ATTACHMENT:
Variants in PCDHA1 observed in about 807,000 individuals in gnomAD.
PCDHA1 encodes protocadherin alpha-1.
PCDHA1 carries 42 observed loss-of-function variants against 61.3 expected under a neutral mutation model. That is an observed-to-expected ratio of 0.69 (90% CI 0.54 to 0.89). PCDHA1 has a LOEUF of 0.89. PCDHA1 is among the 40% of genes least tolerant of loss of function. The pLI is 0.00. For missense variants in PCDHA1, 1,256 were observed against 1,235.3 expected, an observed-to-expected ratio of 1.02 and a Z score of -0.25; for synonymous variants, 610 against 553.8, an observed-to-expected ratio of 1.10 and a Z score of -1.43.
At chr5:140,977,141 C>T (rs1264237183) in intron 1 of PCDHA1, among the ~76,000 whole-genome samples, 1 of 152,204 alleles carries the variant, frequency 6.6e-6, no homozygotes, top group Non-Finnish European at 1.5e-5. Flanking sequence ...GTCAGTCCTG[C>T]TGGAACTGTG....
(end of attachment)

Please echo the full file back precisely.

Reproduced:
Variants in PCDHA1 observed in about 807,000 individuals in gnomAD.
PCDHA1 encodes protocadherin alpha-1.
PCDHA1 carries 42 observed loss-of-function variants against 61.3 expected under a neutral mutation model. That is an observed-to-expected ratio of 0.69 (90% CI 0.54 to 0.89). PCDHA1 has a LOEUF of 0.89. PCDHA1 is among the 40% of genes least tolerant of loss of function. The pLI is 0.00. For missense variants in PCDHA1, 1,256 were observed against 1,235.3 expected, an observed-to-expected ratio of 1.02 and a Z score of -0.25; for synonymous variants, 610 against 553.8, an observed-to-expected ratio of 1.10 and a Z score of -1.43.
At chr5:140,977,141 C>T (rs1264237183) in intron 1 of PCDHA1, among the ~76,000 whole-genome samples, 1 of 152,204 alleles carries the variant, frequency 6.6e-6, no homozygotes, top group Non-Finnish European at 1.5e-5. Flanking sequence ...GTCAGTCCTG[C>T]TGGAACTGTG....